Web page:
Quentin Tarantino’s latest magnum opus is, unsurprisingly given its author, a rather wordy war movie. This scene between Landa and LaPadite is but the first of what we might call variations on the theme of double talk and games of life-or-death deceit. Tarantino’s war is fought with language, which gives the apparent advantage to Landa, in a bravura performance from Waltz, since over the course of this chamber epic we hear him speak articulately in no less than four different tongues. But linguistic Euro-sophistication isn’t everything—what of the invincibly confident Native American-imbued hillbillyisms of Lieutenant Aldo Raine (Brad Pitt), the cool British pith of Lieutenant Archie Hicox (Michael Fassbender), or the theatrically trained good-time sass of UFA starlet and secret spy for the allies Bridget van Hammersmark (Diane Kruger)? Watching these shamelessly colorful characters verbally spar is one of the great pleasures of Inglorious Basterds. The others have a lot to do with sheer audacity. The score fuses ‘Für Elise’ with Morricone. Later on we get a Riefenstahl homage set to David Bowie. Hitler appears, in a cape, like James Brown. Churchill sits in on a meeting, frozen in iconic wax museum pose. Goebbels turns up too. As things chug along, swerving vertiginously from one locale and set of players to another, some dying spectacularly, you start to notice that the Second World War isn’t going along quite as you remembered it. Tarantino’s war isn’t Spielberg’s. It isn’t even Paul Verhoven’s. Inglorious Basterds is inspired revisionist comic melodrama, and it’s absolutely fucking bananas.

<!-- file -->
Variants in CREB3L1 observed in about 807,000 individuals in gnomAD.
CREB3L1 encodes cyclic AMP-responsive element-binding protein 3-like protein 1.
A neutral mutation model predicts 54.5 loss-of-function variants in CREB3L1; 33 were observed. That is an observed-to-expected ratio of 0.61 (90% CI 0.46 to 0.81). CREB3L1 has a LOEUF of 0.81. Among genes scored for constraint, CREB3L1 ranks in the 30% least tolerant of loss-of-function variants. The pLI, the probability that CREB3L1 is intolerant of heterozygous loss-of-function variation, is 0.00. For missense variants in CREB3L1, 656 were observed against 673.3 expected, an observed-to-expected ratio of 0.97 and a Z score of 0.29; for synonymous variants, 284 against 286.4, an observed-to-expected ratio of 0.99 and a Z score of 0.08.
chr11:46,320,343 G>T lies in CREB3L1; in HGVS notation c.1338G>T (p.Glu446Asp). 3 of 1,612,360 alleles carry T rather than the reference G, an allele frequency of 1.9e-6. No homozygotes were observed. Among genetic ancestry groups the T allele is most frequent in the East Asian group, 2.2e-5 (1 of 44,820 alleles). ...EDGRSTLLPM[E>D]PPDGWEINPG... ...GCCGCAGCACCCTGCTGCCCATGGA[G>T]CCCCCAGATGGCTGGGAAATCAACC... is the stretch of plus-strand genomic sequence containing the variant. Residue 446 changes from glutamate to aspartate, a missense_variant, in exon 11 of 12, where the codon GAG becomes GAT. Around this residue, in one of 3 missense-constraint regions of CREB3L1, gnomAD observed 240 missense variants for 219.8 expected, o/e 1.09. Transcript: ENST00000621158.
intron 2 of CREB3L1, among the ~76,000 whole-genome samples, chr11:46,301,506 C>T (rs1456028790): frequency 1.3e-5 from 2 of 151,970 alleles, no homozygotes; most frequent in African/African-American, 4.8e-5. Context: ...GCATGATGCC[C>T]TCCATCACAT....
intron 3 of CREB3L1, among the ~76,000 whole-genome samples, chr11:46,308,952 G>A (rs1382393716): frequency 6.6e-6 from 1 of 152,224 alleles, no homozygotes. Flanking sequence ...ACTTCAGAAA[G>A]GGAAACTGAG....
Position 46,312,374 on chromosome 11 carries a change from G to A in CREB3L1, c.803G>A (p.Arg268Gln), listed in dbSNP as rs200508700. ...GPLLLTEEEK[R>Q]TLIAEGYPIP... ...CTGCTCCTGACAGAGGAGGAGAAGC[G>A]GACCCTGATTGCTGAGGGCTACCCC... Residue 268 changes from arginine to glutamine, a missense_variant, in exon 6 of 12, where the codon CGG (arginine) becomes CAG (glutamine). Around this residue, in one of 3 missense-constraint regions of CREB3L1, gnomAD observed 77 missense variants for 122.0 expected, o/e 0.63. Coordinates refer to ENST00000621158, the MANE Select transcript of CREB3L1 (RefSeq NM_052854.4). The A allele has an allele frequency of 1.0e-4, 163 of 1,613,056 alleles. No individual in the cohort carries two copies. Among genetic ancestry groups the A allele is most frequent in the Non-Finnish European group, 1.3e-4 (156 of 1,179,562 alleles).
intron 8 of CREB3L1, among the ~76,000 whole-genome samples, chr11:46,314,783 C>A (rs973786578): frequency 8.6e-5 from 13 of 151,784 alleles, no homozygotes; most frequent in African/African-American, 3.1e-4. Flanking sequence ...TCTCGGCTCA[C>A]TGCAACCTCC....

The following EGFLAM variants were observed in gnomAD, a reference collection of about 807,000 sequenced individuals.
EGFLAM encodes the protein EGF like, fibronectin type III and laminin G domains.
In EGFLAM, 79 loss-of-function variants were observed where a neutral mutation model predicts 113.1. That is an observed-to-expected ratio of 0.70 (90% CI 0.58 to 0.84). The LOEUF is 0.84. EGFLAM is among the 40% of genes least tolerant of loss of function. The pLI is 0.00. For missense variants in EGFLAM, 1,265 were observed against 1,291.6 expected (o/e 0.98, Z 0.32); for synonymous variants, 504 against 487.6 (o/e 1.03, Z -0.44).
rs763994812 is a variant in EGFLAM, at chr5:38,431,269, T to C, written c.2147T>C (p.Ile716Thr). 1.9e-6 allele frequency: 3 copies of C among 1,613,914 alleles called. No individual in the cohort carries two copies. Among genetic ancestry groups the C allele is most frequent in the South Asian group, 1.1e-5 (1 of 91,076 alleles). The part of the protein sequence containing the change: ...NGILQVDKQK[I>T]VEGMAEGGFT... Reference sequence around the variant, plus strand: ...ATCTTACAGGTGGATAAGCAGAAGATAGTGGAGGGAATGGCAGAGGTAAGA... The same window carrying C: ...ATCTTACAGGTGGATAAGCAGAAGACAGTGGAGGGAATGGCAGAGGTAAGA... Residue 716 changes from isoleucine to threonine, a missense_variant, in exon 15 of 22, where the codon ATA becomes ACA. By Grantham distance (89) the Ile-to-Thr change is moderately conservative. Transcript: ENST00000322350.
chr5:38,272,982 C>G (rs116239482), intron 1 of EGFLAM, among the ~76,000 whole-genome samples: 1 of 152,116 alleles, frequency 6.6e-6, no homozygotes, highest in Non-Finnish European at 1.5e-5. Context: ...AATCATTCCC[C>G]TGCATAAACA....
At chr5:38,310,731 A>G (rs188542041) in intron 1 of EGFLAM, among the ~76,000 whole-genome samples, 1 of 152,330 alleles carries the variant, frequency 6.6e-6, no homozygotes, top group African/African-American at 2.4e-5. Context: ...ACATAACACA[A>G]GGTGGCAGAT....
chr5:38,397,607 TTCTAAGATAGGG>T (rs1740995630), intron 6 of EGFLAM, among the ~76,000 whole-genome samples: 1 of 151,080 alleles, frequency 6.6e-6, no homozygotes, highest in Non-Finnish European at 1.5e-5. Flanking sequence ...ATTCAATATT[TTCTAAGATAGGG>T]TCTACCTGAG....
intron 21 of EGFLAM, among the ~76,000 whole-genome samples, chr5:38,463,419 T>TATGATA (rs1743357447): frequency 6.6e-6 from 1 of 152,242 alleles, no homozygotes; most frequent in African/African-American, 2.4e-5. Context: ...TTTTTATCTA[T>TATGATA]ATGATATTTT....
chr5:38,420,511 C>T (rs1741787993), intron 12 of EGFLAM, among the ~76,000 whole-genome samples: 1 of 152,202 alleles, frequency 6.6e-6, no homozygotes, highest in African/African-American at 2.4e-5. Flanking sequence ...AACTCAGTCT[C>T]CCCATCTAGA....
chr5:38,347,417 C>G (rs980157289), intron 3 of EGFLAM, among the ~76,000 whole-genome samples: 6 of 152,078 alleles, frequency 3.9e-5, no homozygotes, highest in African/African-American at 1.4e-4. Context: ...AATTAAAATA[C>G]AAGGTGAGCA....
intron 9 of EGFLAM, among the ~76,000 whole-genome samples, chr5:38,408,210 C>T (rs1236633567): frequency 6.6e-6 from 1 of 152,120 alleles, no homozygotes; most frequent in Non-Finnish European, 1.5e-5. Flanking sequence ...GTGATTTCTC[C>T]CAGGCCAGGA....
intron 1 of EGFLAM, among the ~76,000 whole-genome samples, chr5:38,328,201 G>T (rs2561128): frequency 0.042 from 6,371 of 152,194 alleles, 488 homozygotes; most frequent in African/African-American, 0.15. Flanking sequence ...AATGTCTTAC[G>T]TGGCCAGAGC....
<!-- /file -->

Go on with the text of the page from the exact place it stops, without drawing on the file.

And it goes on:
Playing perversely with convention and expectation, Tarantino doesn’t introduce his one bonafide star until a good half-hour into the movie. Pitt’s outsized Raines is the leader of the so-called Basterds, a special squad of tough motherfucking Jews who, as Raines cheerfully puts it, “are in the Nazi-killing business—and business is a-booming!” Every Nazi they encounter meets with death and a scalping or is marked for life by a giant swastika carved into their foreheads. They’re less somber and a lot more Jewish-looking than the boys in Defiance. Hostel writer/director Eli Roth shows up to play “the Bear Jew,” whose specialty is clobbering Nazis to death with a baseball bat. But despite sharing their name with the movie they’re only in about a third of it. This is no reason to complain.